Thursday, October 04, 2018

Notes on the Bloomberg Supermicro supply chain hack story

Bloomberg has a story how Chinese intelligence inserted secret chips into servers bound for America. There are a couple issues with the story I wanted to address.

Friday, September 28, 2018

Mini pwning with GL-iNet AR150

Seven years ago, before the $35 Raspberry Pi, hackers used commercial WiFi routers for their projects. They'd replace the stock firmware with Linux. The $22 TP-Link WR703N was extremely popular for these projects, being half the price and half the size of the Raspberry Pi.

Monday, September 10, 2018

California's bad IoT law

California has passed an IoT security bill, awaiting the governor's signature/veto. It’s a typically bad bill based on a superficial understanding of cybersecurity/hacking that will do little improve security, while doing a lot to impose costs and harm innovation.

Wednesday, August 29, 2018

Debunking Trump's claim of Google's SOTU bias

Today, Trump posted this video proving Google promoted all of Obama "State of the Union" (SotU) speeches but none of his own. In this post, I debunk this claim. The short answer is this: it's not Google's fault but Trump's for not having a sophisticated social media team.


The evidence still exists at the Internet Archive (aka. "Wayback Machine") that archives copies of websites. That was probably how that Trump video was created, by using that website. We can indeed see that for Obama's SotU speeches, Google promoted them, such as this example of his January 12, 2016 speech:


And indeed, if we check for Trump's January 30, 2018 speech, there's no such promotion on Google's homepage:
But wait a minute, Google claims they did promote it, and there's even a screenshot on Reddit proving Google is telling the truth. Doesn't this disprove Trump?

No, it actually doesn't, at least not yet. It's comparing two different things. In the Obama example, Google promoted hours ahead of time that there was an upcoming event. In the Trump example, they didn't do that. Only once the event went live did they mention it.

I failed to notice this in my examples above because the Wayback Machine uses GMT timestamps. At 9pm EST when Trump gave his speech, it was 2am the next day in GMT. So picking the Wayback page from January 31st we do indeed see the promotion of the live event.


Thus, Trump still seems to have a point: Google promoted Obama's speech better. They promoted his speeches hours ahead of time, but Trump's only after they went live.

But hold on a moment, there's another layer to this whole thing. Let's look at those YouTube URLs. For the Obama speech, we have this URL:


For the Trump speech, we have this URL:


I show you the complete URLs to show you the difference. The first video is from the White House itself, whereas the second isn't (it's from the NBC livestream).

So here's the thing, and I can't stress this enough Google can't promote a link that doesn't exist. They can't say "Click Here" if there is no "here" there. Somebody has to create a link ahead of time. And that "somebody" isn't YouTube: they don't have cameras to create videos, they simply publish videos created by others.

So what happened here is simply that Obama had a savvy media that knew how to create YouTube live events, and make sure they get promoted, while Trump doesn't have such a team. Trump relied upon the media (which he hates so much) to show the video live, making no effort himself to do so. We can see this for ourselves: while the above link clearly shows the Obama White House having created his live video, the current White House channel has no such video for Trump.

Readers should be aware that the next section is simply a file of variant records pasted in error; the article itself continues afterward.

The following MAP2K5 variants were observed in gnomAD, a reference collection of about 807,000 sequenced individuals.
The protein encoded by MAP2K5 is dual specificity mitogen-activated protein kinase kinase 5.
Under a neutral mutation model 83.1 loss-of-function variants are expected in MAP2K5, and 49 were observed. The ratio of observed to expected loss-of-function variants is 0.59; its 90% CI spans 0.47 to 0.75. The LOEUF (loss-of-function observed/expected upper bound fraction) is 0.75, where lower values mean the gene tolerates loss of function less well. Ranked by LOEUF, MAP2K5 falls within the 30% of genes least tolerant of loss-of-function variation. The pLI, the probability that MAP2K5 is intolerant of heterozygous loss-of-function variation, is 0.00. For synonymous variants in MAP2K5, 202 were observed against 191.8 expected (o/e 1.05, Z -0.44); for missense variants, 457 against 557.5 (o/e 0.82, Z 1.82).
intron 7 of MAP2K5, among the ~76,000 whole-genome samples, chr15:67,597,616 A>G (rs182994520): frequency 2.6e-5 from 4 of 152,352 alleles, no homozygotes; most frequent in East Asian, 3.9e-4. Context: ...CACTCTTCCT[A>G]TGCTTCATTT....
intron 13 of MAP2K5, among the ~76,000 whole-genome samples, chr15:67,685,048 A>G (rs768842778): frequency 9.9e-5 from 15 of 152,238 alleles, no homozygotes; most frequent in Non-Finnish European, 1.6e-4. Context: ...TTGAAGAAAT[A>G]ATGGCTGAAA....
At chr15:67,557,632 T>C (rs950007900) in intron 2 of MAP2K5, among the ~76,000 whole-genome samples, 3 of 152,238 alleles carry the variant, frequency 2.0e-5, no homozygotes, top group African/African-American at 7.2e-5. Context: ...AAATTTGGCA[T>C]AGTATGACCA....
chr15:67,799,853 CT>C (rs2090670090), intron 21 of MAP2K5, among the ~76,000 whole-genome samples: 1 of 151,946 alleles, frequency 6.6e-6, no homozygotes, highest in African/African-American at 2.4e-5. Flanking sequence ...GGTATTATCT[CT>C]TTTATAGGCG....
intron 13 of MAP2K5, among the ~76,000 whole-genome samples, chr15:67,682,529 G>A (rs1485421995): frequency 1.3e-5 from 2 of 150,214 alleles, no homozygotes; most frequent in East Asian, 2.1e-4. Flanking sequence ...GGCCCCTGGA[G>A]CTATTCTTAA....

So clearly the fault is Trump's, not Google's.

But wait, there's more to the saga. After Trump's speech, Google promoted the Democrat response:


Casually looking  back through the Obama years, I don't see any equivalent Republican response. Is this evidence of bias?

Maybe. Or again, maybe it's still the Democrats are more media savvy than the Republicans. Indeed, what came after Obama's speech on YouTube in some years was a question-and-answer session with Obama himself, which of course is vastly more desirable for YouTube (personal interaction!!) and is going to push any competing item into obscurity.

If Trump wants Google's attention next January, it's quite clear what he has to do. First, set up a live event the day before so that Google can link to it. Second, setup a second post-speech interactive question event that will, of course, smother the heck out of any Democrat response -- and probably crash YouTube in the process.

Buzzfeed quotes Google PR saying:
On January 30 2018, we highlighted the livestream of President Trump’s State of the Union on the google.com homepage. We have historically not promoted the first address to Congress by a new President, which is technically not a State of the Union address. As a result, we didn’t include a promotion on google.com for this address in either 2009 or 2017.
This is also bunk. It ignores the difference between promoting upcoming and live events. I can't see that they promoted any of Bush's speeches (like in 2008) or even Obama's first SotU in 2010, though it did promote a question/answer session with Obama after the 2010 speech. Thus, the 2017 trend has only a single data point.

My explanation is better: Obama had a media savvy team that reached out to them, whereas Trump didn't. But you see the problem for a PR flack: while they know they have no corporate policy to be biased against Trump, at the same time, they don't necessarily have an explanation, either. They can point to data, such as the live promotion page, but they can't necessarily explain why. An explanation like mine is harder for them to reach.










Sunday, August 26, 2018

Provisioning a headless Raspberry Pi

The typical way of installing a fresh Raspberry Pi is to attach power, keyboard, mouse, and an HDMI monitor. This is a pain, especially for the diminutive RPi Zero. This blogpost describes a number of options for doing headless setup. There are several options for this, including Ethernet, Ethernet gadget, WiFi, and serial connection. These examples use a Macbook as an example, maybe I'll get around to a blogpost describing this from Windows.

Monday, August 20, 2018

DeGrasse Tyson: Make Truth Great Again

Neil deGrasse Tyson tweets the following:
When people make comparisons with Orwell's "Ministry of Truth", he obtusely persists:
Given that Orwellian dystopias were the theme of this summer's DEF CON hacker conference, let's explore what's wrong with this idea.